Cancer

I Just Called to Say I Love You

FullSizeRender-3 copyFew things in life cause a person to contemplate their own mortality more than the death of someone they’re close to.

My friend, Kathy, was only ten years old when her parents were killed in a drunk driving accident. Needless to say, death sort of hardwired itself into her head at such an early age. That explains why at the back of every journal or diary she ever had she wrote out her funeral plans. They changed a bit over the years. Those plans got more specific at a certain point in her life.

Irony stepped in big time with Kathy when multiple myeloma kicked in. I hate irony. And I hate cancer. But those are two different topics altogether.

Having terminal cancer will bring up the topic of death and dying in an unrelenting way. Kathy and I chatted about it the way most people talk about plans for the weekend. Mostly I was always in denial. She never was. Not ever.

Why do I bring up Kathy? It’s been two years today since she passed away. Two years to think about her, to avoid thinking about her, to process what she taught me, to avoid processing what she taught me. Have I come to any conclusions? No.

I know this much. She wouldn’t want me moping around and being gloomy. She’d want me to celebrate life and live it large and crazy. She’d kick my butt if she thought I was sad in the least bit today.

So, fine. I won’t mope or mourn. I will, however tell you the two things that keep popping into my head.

The weirdest of the two is a Stevie Wonder song. As far as I remember she wasn’t a big fan of Stevie. It’d make more sense if a Beatles song kept running through my mind. But no, no Beatles. It’s this one:

“I just called to say I love you.”

At first I thought that’s what I’d say to her if I could call her up in heaven, collect, of course, and have a chat. “Hey girl! What’s up? I just called to say I love you.” After all that’s how I’d say goodbye whenever I left her house. “Love you! I’ll see you later.” It’s even how I said goodbye the last time.

But then, I thought, maybe she’s trying to call me! Now there’s an idea, huh? I’m sure they don’t get unlimited calls and texts from heaven, but maybe an occasional one on special occasions?  Who knows. It could happen.

The other thought for today is from a photo I took on a snowy walk about three weeks ago. It’d be what she’d tell me to do. What she’d tell everyone she knows and loves to do.

It’s this:

FullSizeRender-3

She was always all about the happy.

So to honor her, I’ll try to be all about the happy, too.

And since we’re on the topic, I’d want to be remembered as a happy person too.  But don’t go playing any Stevie Wonder songs at my funeral.

 

 

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Categories: Cancer, Death, Friendship, Happiness, Uncategorized | 4 Comments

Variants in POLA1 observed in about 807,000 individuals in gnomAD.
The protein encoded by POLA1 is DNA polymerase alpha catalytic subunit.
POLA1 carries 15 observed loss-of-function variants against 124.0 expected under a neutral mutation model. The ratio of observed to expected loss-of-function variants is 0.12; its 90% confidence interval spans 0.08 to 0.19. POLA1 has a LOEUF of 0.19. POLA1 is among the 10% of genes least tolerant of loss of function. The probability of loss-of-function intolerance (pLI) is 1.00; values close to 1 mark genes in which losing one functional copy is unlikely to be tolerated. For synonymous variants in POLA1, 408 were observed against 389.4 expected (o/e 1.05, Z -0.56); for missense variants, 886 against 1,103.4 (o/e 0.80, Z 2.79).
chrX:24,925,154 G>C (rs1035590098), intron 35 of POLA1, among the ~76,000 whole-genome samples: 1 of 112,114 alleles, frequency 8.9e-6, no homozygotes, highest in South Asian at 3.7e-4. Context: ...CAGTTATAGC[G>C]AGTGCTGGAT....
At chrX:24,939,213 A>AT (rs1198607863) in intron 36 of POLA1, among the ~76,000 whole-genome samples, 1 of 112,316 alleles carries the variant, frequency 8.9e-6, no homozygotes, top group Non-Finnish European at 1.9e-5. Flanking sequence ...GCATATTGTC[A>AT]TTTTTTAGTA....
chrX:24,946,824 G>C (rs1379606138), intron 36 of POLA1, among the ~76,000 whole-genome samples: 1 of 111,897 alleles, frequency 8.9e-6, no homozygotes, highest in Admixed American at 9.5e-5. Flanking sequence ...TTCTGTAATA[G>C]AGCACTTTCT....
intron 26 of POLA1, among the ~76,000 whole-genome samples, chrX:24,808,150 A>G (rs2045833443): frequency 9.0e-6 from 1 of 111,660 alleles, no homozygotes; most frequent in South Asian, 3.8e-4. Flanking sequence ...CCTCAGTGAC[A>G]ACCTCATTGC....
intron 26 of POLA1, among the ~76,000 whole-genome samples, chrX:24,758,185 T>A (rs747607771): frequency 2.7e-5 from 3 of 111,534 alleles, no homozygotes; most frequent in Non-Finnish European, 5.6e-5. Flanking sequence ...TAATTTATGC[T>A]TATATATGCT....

Best Advice I’ve Gotten In the Past Year? “Practice Radical Self-Care”

Great recs found here.

Great recs found here.

The best advice I got during the past twelve months wasn’t directed at me. And it arrived through an unlikely source, a Goodreads question and answer session.

I don’t usually follow or sign up for these sorts of things. I think the author’s work normally speaks for itself. But I made an exception this one time.  When Anne Lamott, the author of “Help! Thanks! Wow!” among other hilarious, heartfelt and honest books, accepted a stint on the Featured Author Chat over at Goodreads, I jumped on board eager to pick up some writerly advice and a few laughs.

The directness in Anne’s writing reminds me of my best friend who passed away early this year. They both have a no-holds-barred approach to communication. Say it like it is. Don’t worry about offending anyone. Speak truth. Let it all fall where it ought to.

Feels like I get an infusion of new oxygen in my blood after reading Anne’s books. I figured I’d more than enjoy reading what she has to say in a different medium.

Little did I know how helpful it would be.

Sure, she answered queries about writing and about her personal life. But then, a surprise question and an even more surprising answer came through.

In response to a reader’s question about how to deal with depression and discouragement, Anne Lamott’s answer jumped out at me as if it’d been highlighted with fluorescent green marker.

“Depressed and discouraged is really hard, and plenty to deal with. My response, if it was me, was to practice radical self-care, by being exquisitely kind and gentle and patient with myself, exactly as I would be with a friend. Love and gentleness are always the answer. “ – Anne Lamott, from a Goodreads discussion 12/12/13

“Practice radical self-care.”

I’ve said that to myself over and over ever since I read it. Even more so since a funeral and burial and the ensuing grief that’s hovered all year.

So we’ve all heard that “self-care” part of the equation over the years, right? But “radical?” And how do you care for yourself in a radical way?

I turn to my usual sources. I like the third Merriam-Webster definition of radical.

“Radical: very different from the usual or traditional : extreme.”